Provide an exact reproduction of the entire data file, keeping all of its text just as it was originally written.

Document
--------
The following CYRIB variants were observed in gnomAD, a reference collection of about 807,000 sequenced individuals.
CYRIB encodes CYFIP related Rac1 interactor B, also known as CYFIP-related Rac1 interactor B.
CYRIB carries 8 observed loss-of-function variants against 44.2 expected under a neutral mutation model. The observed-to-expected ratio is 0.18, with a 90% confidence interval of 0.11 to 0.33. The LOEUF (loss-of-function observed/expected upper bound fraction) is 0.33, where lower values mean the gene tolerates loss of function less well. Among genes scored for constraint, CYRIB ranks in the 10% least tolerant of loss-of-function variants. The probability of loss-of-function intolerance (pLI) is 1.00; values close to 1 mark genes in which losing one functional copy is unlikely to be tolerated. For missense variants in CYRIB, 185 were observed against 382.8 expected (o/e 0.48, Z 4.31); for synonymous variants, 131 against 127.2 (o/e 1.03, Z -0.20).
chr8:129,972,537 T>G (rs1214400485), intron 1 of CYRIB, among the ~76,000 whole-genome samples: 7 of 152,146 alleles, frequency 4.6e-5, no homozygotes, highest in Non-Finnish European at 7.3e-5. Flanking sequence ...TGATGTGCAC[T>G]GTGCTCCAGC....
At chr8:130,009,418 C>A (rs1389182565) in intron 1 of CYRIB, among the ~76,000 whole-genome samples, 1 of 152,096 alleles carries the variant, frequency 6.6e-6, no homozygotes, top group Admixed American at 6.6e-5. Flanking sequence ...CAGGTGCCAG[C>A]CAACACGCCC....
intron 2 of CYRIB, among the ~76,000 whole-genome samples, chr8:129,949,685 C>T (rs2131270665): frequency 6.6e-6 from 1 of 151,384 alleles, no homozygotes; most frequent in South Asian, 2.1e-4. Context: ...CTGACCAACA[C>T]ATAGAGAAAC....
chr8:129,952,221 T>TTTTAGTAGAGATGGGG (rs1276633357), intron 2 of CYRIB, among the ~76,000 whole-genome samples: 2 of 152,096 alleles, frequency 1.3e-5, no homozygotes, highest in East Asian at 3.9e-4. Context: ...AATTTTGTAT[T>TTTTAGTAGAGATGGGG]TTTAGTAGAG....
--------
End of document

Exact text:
The following CYRIB variants were observed in gnomAD, a reference collection of about 807,000 sequenced individuals.
CYRIB encodes CYFIP related Rac1 interactor B, also known as CYFIP-related Rac1 interactor B.
CYRIB carries 8 observed loss-of-function variants against 44.2 expected under a neutral mutation model. The observed-to-expected ratio is 0.18, with a 90% confidence interval of 0.11 to 0.33. The LOEUF (loss-of-function observed/expected upper bound fraction) is 0.33, where lower values mean the gene tolerates loss of function less well. Among genes scored for constraint, CYRIB ranks in the 10% least tolerant of loss-of-function variants. The probability of loss-of-function intolerance (pLI) is 1.00; values close to 1 mark genes in which losing one functional copy is unlikely to be tolerated. For missense variants in CYRIB, 185 were observed against 382.8 expected (o/e 0.48, Z 4.31); for synonymous variants, 131 against 127.2 (o/e 1.03, Z -0.20).
chr8:129,972,537 T>G (rs1214400485), intron 1 of CYRIB, among the ~76,000 whole-genome samples: 7 of 152,146 alleles, frequency 4.6e-5, no homozygotes, highest in Non-Finnish European at 7.3e-5. Flanking sequence ...TGATGTGCAC[T>G]GTGCTCCAGC....
At chr8:130,009,418 C>A (rs1389182565) in intron 1 of CYRIB, among the ~76,000 whole-genome samples, 1 of 152,096 alleles carries the variant, frequency 6.6e-6, no homozygotes, top group Admixed American at 6.6e-5. Flanking sequence ...CAGGTGCCAG[C>A]CAACACGCCC....
intron 2 of CYRIB, among the ~76,000 whole-genome samples, chr8:129,949,685 C>T (rs2131270665): frequency 6.6e-6 from 1 of 151,384 alleles, no homozygotes; most frequent in South Asian, 2.1e-4. Context: ...CTGACCAACA[C>T]ATAGAGAAAC....
chr8:129,952,221 T>TTTTAGTAGAGATGGGG (rs1276633357), intron 2 of CYRIB, among the ~76,000 whole-genome samples: 2 of 152,096 alleles, frequency 1.3e-5, no homozygotes, highest in East Asian at 3.9e-4. Context: ...AATTTTGTAT[T>TTTTAGTAGAGATGGGG]TTTAGTAGAG....